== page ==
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Principled Optimization of Functional Programs
Webber, Adam Brooks
Automatic optimizers for computer programs work with a fixed list of rote transformations, while human programmers can go on to derive new optimizations from broad and intuitive principles if known transformations prove inadequate. This dissertation investigates the possibility that principled optimization can be automated, focusing on a single principle (the principle that programs should not do anything unnecessary) and a single program domain (the domain of purely functional, first-order programs). Three questions are explored: How can the principle be formalized? How can violations of the principle be detected? How can violations be repaired? The trace grammar is a new representation for first-order functional programs. It permits a simple formal statement of the optimizing principle. A trace grammar is a kind of graph grammar. An individual graph represents a path of execution through the program, without any loops or conditionals. The grammar for a program generates a language of graphs representing the possible paths of execution through that program. Trace grammars provide unique leverage for the twin problems of identifying and repairing violations of the principle. Detecting violations of the principle is a problem in semantic analysis. A new method of inference, the relational constraint method, helps make this tractable. The method treats a trace graph as a system of constraints on a lattice of binary relations, and uses those constraints to develop the strongest relation it can find for each pair of values in the graph. Repairing violations is not easy: given an example of an unnecessary computation performed by the program, one wants to modify the program so that it never makes that mistake. This grammar thinning problem for trace grammars corresponds to an interesting open problem on context-free grammars. An (approximate) solution to this CFG problem yields an optimization technique for trace grammars. An optimizer called Thinner is the proof-of-concept for these ideas. Using the techniques outlined above, Thinner rediscovers a variety of common compiler optimizations. It also finds other, more exotic transformations, including the well-known Fibonacci reformulation. Thinner demonstrates the potential of the principled approach as a high-powered optimizing tool.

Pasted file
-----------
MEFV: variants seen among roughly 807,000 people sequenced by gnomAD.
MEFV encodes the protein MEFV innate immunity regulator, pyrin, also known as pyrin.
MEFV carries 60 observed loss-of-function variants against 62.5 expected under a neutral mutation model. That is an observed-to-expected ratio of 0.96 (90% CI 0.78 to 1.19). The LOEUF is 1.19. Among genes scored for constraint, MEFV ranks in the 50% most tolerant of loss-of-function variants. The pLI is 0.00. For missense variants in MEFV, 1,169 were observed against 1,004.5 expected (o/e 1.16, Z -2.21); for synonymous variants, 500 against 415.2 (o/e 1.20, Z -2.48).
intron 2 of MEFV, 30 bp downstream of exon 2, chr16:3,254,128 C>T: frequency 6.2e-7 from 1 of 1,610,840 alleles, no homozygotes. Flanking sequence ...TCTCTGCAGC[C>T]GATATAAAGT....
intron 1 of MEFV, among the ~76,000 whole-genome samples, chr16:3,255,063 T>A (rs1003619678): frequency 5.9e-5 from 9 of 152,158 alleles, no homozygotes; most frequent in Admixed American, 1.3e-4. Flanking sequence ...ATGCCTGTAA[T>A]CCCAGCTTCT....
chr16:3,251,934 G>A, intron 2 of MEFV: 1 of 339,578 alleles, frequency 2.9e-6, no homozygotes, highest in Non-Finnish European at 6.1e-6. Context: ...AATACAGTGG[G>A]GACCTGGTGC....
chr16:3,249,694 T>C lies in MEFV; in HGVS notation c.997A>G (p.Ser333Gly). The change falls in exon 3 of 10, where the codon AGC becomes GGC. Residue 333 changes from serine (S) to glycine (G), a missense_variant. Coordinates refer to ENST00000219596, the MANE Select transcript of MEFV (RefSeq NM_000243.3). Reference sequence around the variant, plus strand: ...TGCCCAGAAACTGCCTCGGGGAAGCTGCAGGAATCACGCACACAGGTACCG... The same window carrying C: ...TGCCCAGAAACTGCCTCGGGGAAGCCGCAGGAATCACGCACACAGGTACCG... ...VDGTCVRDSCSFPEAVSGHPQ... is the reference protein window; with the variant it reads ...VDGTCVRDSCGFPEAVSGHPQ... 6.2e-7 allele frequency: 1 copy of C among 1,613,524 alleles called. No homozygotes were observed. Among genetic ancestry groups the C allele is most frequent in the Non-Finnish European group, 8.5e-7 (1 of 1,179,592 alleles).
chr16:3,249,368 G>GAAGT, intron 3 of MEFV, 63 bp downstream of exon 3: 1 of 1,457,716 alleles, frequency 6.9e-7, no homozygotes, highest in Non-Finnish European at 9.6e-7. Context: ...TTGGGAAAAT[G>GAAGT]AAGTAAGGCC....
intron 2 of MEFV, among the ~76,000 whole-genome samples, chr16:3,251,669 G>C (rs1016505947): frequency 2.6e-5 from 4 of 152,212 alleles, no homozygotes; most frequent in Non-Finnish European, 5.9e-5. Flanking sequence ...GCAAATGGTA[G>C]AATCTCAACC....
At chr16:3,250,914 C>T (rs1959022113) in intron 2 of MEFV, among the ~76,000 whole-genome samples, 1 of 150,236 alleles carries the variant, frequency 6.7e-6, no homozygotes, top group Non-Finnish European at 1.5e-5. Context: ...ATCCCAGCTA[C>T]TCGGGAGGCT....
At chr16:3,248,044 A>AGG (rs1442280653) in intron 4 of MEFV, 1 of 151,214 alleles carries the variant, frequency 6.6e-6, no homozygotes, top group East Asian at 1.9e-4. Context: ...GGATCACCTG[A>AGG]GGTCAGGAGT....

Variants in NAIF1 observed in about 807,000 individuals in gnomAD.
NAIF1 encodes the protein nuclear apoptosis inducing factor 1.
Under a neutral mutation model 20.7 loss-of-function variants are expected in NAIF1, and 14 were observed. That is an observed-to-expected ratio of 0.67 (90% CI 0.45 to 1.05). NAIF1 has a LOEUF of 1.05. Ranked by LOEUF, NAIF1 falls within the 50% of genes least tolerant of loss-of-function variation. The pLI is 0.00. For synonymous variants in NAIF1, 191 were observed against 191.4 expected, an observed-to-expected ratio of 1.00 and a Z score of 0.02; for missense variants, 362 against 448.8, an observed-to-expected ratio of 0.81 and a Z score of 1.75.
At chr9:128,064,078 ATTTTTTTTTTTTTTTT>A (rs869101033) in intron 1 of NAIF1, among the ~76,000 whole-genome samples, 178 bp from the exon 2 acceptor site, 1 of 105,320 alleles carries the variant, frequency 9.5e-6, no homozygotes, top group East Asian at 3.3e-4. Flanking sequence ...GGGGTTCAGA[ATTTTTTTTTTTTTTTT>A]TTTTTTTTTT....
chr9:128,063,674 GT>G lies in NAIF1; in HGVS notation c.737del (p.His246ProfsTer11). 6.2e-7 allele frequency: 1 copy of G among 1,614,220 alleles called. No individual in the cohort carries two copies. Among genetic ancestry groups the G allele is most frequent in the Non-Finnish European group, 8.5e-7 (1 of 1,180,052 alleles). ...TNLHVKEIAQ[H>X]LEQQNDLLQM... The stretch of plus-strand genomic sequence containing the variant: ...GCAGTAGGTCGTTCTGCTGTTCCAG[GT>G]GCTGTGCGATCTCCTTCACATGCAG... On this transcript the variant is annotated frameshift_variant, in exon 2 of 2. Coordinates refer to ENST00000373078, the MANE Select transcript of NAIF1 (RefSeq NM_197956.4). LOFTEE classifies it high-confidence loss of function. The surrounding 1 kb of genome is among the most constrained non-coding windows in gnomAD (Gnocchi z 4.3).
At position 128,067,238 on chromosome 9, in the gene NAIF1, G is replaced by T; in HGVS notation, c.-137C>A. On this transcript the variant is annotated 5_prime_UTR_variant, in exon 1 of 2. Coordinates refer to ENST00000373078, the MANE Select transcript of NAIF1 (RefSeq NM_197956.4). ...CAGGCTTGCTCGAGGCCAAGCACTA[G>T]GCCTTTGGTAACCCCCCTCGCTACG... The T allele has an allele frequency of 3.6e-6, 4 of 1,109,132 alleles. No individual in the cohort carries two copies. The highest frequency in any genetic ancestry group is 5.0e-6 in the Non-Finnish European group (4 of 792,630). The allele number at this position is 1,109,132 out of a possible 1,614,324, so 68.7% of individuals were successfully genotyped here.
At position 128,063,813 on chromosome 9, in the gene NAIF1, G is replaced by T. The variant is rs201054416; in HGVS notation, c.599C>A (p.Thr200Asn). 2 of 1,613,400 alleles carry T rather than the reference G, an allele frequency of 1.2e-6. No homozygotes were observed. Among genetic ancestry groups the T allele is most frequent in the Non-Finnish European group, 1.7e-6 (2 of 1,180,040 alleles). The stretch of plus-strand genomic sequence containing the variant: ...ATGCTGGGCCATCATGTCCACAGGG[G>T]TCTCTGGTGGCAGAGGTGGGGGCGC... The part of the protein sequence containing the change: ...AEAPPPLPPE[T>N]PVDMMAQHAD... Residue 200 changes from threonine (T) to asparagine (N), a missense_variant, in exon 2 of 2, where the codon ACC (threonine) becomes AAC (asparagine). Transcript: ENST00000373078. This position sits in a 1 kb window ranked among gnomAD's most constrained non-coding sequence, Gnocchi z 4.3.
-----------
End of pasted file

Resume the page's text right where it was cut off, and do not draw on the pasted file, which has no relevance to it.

computer science; technical report
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